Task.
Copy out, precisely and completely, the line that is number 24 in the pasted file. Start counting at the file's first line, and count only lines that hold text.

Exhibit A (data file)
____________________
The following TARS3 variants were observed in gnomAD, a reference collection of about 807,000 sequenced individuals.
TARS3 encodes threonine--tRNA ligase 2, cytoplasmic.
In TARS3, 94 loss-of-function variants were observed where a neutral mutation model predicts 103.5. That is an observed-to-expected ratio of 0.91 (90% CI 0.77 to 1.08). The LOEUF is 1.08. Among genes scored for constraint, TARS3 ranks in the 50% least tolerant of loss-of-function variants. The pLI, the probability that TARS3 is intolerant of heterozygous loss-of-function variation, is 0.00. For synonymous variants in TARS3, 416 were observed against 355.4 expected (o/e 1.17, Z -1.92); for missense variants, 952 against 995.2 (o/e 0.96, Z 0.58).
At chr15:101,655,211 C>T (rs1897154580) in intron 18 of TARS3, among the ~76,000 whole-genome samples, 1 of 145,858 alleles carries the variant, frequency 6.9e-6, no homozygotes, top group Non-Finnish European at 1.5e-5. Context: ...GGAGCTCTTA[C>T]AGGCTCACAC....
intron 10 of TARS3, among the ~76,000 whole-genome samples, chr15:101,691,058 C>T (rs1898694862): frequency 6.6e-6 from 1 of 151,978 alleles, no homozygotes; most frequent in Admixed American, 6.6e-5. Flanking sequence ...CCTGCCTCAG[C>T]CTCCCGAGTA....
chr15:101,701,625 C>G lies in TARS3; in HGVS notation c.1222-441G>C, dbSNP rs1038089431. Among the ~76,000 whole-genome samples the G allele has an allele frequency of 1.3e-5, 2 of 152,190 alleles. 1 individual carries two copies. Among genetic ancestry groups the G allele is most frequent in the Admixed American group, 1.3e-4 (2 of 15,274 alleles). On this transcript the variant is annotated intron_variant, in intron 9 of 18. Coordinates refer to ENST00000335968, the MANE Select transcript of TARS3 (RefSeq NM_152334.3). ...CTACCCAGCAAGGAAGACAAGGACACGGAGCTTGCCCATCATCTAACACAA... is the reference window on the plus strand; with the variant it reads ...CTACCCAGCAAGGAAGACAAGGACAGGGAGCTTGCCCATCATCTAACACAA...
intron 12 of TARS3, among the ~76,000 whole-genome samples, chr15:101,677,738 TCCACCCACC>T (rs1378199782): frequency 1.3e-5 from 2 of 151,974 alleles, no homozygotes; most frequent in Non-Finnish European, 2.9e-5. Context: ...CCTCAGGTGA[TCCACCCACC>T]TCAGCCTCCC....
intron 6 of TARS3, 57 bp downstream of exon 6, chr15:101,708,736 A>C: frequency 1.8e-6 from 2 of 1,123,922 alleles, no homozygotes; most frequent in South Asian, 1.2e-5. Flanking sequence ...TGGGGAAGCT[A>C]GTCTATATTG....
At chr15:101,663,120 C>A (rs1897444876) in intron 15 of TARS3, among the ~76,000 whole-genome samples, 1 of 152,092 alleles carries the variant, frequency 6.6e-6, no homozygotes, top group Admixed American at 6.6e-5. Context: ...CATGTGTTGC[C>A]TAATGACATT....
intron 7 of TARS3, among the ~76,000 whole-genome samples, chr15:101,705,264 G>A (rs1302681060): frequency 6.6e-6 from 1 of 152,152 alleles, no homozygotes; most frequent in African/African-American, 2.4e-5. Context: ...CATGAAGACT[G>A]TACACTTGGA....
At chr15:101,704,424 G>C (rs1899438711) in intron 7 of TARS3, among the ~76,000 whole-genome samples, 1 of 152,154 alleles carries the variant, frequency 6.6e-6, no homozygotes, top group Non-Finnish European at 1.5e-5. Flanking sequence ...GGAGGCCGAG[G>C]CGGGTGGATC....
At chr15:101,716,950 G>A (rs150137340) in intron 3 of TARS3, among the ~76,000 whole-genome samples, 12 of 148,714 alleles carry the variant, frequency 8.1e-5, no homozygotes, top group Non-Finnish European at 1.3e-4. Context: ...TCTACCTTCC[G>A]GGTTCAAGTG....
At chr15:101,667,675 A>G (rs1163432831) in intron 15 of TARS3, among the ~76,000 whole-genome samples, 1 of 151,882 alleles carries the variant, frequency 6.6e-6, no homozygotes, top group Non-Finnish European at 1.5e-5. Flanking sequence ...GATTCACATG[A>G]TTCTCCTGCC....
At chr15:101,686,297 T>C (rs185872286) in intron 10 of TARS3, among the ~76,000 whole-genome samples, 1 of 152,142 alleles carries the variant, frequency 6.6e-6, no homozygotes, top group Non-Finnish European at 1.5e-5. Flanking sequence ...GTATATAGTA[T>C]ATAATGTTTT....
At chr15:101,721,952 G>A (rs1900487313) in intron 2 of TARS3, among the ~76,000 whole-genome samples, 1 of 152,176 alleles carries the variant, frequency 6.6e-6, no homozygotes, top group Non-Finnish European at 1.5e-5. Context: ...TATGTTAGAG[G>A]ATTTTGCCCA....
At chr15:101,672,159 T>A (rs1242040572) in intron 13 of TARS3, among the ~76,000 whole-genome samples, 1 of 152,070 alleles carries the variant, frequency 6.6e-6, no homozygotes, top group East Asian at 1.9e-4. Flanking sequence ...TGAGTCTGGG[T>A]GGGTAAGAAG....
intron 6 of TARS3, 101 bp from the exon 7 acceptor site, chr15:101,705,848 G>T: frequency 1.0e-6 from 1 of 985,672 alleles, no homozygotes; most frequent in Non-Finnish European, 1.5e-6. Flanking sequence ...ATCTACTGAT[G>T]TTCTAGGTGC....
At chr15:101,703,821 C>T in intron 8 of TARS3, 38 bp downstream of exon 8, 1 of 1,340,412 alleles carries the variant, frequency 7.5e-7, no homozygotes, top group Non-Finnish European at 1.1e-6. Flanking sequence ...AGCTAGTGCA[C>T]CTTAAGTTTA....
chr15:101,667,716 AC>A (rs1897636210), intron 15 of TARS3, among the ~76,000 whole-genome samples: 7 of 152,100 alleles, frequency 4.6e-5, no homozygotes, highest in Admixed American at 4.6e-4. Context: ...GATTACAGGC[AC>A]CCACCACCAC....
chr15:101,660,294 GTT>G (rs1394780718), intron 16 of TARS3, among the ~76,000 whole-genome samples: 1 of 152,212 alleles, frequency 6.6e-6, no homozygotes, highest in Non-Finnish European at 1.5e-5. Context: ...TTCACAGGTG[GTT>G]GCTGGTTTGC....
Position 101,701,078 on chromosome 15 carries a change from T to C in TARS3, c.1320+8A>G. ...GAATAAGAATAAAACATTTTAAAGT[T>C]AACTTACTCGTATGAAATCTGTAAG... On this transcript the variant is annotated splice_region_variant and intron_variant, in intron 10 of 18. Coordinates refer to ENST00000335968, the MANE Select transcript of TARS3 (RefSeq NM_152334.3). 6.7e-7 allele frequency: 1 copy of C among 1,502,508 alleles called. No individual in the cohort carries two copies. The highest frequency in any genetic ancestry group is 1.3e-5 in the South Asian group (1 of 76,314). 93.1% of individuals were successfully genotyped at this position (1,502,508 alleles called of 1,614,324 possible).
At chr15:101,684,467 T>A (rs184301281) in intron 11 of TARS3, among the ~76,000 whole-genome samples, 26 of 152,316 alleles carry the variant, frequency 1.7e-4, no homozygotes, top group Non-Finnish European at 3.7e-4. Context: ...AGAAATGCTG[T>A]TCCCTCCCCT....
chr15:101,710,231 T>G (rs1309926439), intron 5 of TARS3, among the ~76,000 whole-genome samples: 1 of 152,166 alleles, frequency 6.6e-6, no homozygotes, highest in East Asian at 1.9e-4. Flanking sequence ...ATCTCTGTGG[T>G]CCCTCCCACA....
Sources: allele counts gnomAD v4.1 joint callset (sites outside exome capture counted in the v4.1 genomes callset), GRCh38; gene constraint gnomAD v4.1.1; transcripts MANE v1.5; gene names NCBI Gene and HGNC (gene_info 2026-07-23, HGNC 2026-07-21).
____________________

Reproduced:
Sources: allele counts gnomAD v4.1 joint callset (sites outside exome capture counted in the v4.1 genomes callset), GRCh38; gene constraint gnomAD v4.1.1; transcripts MANE v1.5; gene names NCBI Gene and HGNC (gene_info 2026-07-23, HGNC 2026-07-21).